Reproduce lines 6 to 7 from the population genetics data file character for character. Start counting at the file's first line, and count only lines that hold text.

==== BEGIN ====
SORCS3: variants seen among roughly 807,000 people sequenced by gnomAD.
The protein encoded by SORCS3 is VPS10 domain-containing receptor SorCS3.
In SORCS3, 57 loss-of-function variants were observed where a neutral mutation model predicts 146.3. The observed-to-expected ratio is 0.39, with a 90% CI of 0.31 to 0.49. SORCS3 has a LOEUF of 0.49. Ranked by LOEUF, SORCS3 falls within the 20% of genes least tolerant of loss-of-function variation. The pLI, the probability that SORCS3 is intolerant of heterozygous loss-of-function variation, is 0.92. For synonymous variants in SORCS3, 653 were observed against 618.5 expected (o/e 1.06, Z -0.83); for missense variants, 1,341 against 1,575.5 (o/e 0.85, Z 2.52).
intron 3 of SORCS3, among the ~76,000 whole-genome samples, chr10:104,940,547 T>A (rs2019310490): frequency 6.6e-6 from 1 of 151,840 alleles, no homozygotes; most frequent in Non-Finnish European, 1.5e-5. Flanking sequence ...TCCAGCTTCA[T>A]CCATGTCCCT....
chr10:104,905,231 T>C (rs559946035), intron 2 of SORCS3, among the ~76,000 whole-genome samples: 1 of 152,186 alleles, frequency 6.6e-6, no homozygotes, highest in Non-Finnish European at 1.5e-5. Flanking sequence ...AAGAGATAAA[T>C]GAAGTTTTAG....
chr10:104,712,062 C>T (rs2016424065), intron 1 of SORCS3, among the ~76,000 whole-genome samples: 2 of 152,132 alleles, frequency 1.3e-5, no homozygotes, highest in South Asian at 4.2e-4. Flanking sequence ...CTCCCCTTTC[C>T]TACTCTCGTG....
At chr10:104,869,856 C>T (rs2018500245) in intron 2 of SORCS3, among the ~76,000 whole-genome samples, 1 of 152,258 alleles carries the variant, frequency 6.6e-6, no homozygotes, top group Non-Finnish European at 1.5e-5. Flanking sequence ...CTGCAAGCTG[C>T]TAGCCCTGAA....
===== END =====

chr10:104,712,062 C>T (rs2016424065), intron 1 of SORCS3, among the ~76,000 whole-genome samples: 2 of 152,132 alleles, frequency 1.3e-5, no homozygotes, highest in South Asian at 4.2e-4. Flanking sequence ...CTCCCCTTTC[C>T]TACTCTCGTG....
At chr10:104,869,856 C>T (rs2018500245) in intron 2 of SORCS3, among the ~76,000 whole-genome samples, 1 of 152,258 alleles carries the variant, frequency 6.6e-6, no homozygotes, top group Non-Finnish European at 1.5e-5. Flanking sequence ...CTGCAAGCTG[C>T]TAGCCCTGAA....